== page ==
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Texas Driver Responsibility Surcharge Nightmare: DPS Isn’t Following the New Law

Effective September 1, 2011, a new law went into effect here in Texas designed to help lots of folk convicted of a moving traffic violation, by changing the old law that required everyone who got a traffic ticket (including DWI) to pay a Driver Responsibility surcharge. For details, check out our post back in August 2011.

These Driver Responsibility Surcharges are VERY EXPENSIVE.  The new law has been the law of the land for 39 days already, and yet something fishy is going on.  VERY FISHY.

First, consider how expensive these Driver Responsibility Surcharges are.  Back in April 2010, we discussed the cost of DWI Surcharges.  From that post:

Right now, Texas drivers convicted of DWI (driving while intoxicated) as well as a couple of other violations (driving without a driver’s license, or one that’s invalid; as well as driving without insurance) must pay automatic surcharges every year, for three years from the date of conviction.

And it isn’t cheap: for a DWI conviction, the surcharge is $1,000 a year for three years for a first conviction; $1,500 a year for the second; and $2,000 a year for any conviction with a blood-alcohol content of 0.16 or greater. That’s big money, right?

People Aren’t Paying the Surcharges

It’s not news to those involved in DWI work that people aren’t paying these surcharges. However, everyone may not know that state-wide, over $1 billion hasn’t been paid. One billion dollars in unpaid surcharges – no wonder they’re having some hearings down in Austin.

Next, consider what’s been happening since September 1st.   Apparently, not much.

Seems that the Texas Department of Public Safety hasn’t been following the new law – and Grits for Breakfast has the emails to prove it. Our fellow blogger (in a blog we recommend you follow, see the sidebar), a non-lawyer mind you, wrote the state agency to check into how things were doing with the change on Surcharges and what he got back in email has been published online.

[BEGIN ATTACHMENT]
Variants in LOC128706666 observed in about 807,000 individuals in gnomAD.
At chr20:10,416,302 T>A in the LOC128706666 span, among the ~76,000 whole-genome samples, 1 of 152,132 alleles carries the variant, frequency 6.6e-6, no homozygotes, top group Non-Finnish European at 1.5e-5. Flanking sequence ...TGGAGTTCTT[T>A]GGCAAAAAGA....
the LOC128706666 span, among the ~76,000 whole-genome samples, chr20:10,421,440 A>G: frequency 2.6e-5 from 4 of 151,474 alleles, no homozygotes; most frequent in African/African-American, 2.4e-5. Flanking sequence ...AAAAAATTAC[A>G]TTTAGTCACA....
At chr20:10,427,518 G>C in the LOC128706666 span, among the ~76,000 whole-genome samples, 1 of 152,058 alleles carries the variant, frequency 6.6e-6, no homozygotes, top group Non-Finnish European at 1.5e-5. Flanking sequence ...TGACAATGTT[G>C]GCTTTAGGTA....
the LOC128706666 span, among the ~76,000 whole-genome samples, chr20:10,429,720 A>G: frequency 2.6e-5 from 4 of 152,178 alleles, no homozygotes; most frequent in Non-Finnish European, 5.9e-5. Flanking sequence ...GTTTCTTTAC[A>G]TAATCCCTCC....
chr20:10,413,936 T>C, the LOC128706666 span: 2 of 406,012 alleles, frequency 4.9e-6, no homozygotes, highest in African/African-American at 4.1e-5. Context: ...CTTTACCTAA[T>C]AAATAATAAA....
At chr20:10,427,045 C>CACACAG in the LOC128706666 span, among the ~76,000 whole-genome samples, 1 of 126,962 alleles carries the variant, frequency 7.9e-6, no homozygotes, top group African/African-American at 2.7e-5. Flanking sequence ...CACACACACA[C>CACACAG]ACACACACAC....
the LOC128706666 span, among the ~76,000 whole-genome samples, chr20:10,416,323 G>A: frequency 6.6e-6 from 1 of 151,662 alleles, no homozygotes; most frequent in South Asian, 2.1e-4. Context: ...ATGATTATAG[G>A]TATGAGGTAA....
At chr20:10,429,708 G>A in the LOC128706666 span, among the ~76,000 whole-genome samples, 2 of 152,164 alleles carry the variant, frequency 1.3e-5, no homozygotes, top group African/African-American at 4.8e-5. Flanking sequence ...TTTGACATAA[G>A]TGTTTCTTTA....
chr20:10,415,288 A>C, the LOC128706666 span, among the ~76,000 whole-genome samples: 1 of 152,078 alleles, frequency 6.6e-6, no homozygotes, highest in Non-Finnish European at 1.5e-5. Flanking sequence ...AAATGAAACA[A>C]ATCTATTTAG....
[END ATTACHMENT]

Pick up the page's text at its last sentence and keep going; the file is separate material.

DPS, bottom line, has no “…estimated date for implementation…” and isn’t doing a darn thing about complying with the new law.

This, of course, doesn’t mean that the new law isn’t effective.  It just means that the Department of Public Safety is dragging its heels on waiving those surcharges.  You are entitled to the waiver if you meet the law’s requirements – period.   You don’t need to file a special pleading anywhere.

Still, here’s the reality:

1.  someone is still going to get surcharge notices from DPS regardless of the new law;

2. the DPS records are still going to show a lot of folk responsible for paying money that the new law says they don’t owe;

3.  someone pulled over by a police officer (for speeding, no turn signal, whatever) is still going to have a fight on their hands when the cop runs their Texas Driver’s License number through DPS records and gets notified that the driver owes surcharges — which is not true under the new law; and

4.  some legal fees are going to have to be paid by folk to get a Court Order signed by a judge that confirms that they don’t owe the surcharge just to win a fight with DPS that shouldn’t be necessary … if DPS would just follow current Texas law.

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